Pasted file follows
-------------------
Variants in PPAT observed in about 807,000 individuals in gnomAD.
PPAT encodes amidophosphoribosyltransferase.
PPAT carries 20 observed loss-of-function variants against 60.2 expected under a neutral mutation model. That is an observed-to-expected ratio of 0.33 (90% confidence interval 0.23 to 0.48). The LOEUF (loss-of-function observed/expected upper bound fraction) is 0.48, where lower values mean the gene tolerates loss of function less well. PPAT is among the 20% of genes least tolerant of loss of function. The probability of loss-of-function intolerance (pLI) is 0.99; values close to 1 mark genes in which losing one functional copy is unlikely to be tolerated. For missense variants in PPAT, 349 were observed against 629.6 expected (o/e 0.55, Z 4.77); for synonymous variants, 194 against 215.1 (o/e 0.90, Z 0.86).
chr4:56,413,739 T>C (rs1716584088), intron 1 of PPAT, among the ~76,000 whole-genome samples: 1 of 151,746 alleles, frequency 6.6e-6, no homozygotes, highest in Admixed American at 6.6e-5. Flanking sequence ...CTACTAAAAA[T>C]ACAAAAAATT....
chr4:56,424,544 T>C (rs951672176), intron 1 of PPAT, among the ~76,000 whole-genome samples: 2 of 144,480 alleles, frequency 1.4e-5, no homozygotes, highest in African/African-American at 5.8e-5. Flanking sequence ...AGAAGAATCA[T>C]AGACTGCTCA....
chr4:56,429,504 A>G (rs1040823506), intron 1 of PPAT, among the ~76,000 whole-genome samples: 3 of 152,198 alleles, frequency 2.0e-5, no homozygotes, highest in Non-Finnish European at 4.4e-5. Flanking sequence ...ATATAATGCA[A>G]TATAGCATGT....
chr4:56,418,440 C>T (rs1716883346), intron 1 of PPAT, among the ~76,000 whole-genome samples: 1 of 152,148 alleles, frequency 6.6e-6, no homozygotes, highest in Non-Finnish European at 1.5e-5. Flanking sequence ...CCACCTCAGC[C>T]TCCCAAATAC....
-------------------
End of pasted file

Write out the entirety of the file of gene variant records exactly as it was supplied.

Variants in PPAT observed in about 807,000 individuals in gnomAD.
PPAT encodes amidophosphoribosyltransferase.
PPAT carries 20 observed loss-of-function variants against 60.2 expected under a neutral mutation model. That is an observed-to-expected ratio of 0.33 (90% confidence interval 0.23 to 0.48). The LOEUF (loss-of-function observed/expected upper bound fraction) is 0.48, where lower values mean the gene tolerates loss of function less well. PPAT is among the 20% of genes least tolerant of loss of function. The probability of loss-of-function intolerance (pLI) is 0.99; values close to 1 mark genes in which losing one functional copy is unlikely to be tolerated. For missense variants in PPAT, 349 were observed against 629.6 expected (o/e 0.55, Z 4.77); for synonymous variants, 194 against 215.1 (o/e 0.90, Z 0.86).
chr4:56,413,739 T>C (rs1716584088), intron 1 of PPAT, among the ~76,000 whole-genome samples: 1 of 151,746 alleles, frequency 6.6e-6, no homozygotes, highest in Admixed American at 6.6e-5. Flanking sequence ...CTACTAAAAA[T>C]ACAAAAAATT....
chr4:56,424,544 T>C (rs951672176), intron 1 of PPAT, among the ~76,000 whole-genome samples: 2 of 144,480 alleles, frequency 1.4e-5, no homozygotes, highest in African/African-American at 5.8e-5. Flanking sequence ...AGAAGAATCA[T>C]AGACTGCTCA....
chr4:56,429,504 A>G (rs1040823506), intron 1 of PPAT, among the ~76,000 whole-genome samples: 3 of 152,198 alleles, frequency 2.0e-5, no homozygotes, highest in Non-Finnish European at 4.4e-5. Flanking sequence ...ATATAATGCA[A>G]TATAGCATGT....
chr4:56,418,440 C>T (rs1716883346), intron 1 of PPAT, among the ~76,000 whole-genome samples: 1 of 152,148 alleles, frequency 6.6e-6, no homozygotes, highest in Non-Finnish European at 1.5e-5. Flanking sequence ...CCACCTCAGC[C>T]TCCCAAATAC....